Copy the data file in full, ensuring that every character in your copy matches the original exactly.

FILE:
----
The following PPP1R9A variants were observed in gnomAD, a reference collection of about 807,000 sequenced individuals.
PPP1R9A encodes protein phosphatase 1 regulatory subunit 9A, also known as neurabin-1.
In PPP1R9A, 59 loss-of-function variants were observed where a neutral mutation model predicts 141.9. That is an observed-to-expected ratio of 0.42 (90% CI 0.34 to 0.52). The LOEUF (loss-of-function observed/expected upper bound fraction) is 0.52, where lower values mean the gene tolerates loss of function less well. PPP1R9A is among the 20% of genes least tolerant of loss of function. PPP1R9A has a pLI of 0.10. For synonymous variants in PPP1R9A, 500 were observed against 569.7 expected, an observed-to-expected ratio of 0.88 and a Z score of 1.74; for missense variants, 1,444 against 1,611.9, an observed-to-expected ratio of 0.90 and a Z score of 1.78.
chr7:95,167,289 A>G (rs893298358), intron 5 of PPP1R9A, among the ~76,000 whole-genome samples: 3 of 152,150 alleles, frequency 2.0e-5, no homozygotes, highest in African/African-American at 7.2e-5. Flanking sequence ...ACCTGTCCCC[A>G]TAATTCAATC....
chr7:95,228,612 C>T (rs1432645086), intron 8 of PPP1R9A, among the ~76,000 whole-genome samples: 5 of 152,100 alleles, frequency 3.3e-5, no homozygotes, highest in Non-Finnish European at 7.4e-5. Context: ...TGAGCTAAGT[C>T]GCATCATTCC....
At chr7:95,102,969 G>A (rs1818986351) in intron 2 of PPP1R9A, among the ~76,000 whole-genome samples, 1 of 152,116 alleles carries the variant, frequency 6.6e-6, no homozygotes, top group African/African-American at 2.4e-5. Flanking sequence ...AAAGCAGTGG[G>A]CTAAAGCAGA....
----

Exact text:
The following PPP1R9A variants were observed in gnomAD, a reference collection of about 807,000 sequenced individuals.
PPP1R9A encodes protein phosphatase 1 regulatory subunit 9A, also known as neurabin-1.
In PPP1R9A, 59 loss-of-function variants were observed where a neutral mutation model predicts 141.9. That is an observed-to-expected ratio of 0.42 (90% CI 0.34 to 0.52). The LOEUF (loss-of-function observed/expected upper bound fraction) is 0.52, where lower values mean the gene tolerates loss of function less well. PPP1R9A is among the 20% of genes least tolerant of loss of function. PPP1R9A has a pLI of 0.10. For synonymous variants in PPP1R9A, 500 were observed against 569.7 expected, an observed-to-expected ratio of 0.88 and a Z score of 1.74; for missense variants, 1,444 against 1,611.9, an observed-to-expected ratio of 0.90 and a Z score of 1.78.
chr7:95,167,289 A>G (rs893298358), intron 5 of PPP1R9A, among the ~76,000 whole-genome samples: 3 of 152,150 alleles, frequency 2.0e-5, no homozygotes, highest in African/African-American at 7.2e-5. Flanking sequence ...ACCTGTCCCC[A>G]TAATTCAATC....
chr7:95,228,612 C>T (rs1432645086), intron 8 of PPP1R9A, among the ~76,000 whole-genome samples: 5 of 152,100 alleles, frequency 3.3e-5, no homozygotes, highest in Non-Finnish European at 7.4e-5. Context: ...TGAGCTAAGT[C>T]GCATCATTCC....
At chr7:95,102,969 G>A (rs1818986351) in intron 2 of PPP1R9A, among the ~76,000 whole-genome samples, 1 of 152,116 alleles carries the variant, frequency 6.6e-6, no homozygotes, top group African/African-American at 2.4e-5. Flanking sequence ...AAAGCAGTGG[G>A]CTAAAGCAGA....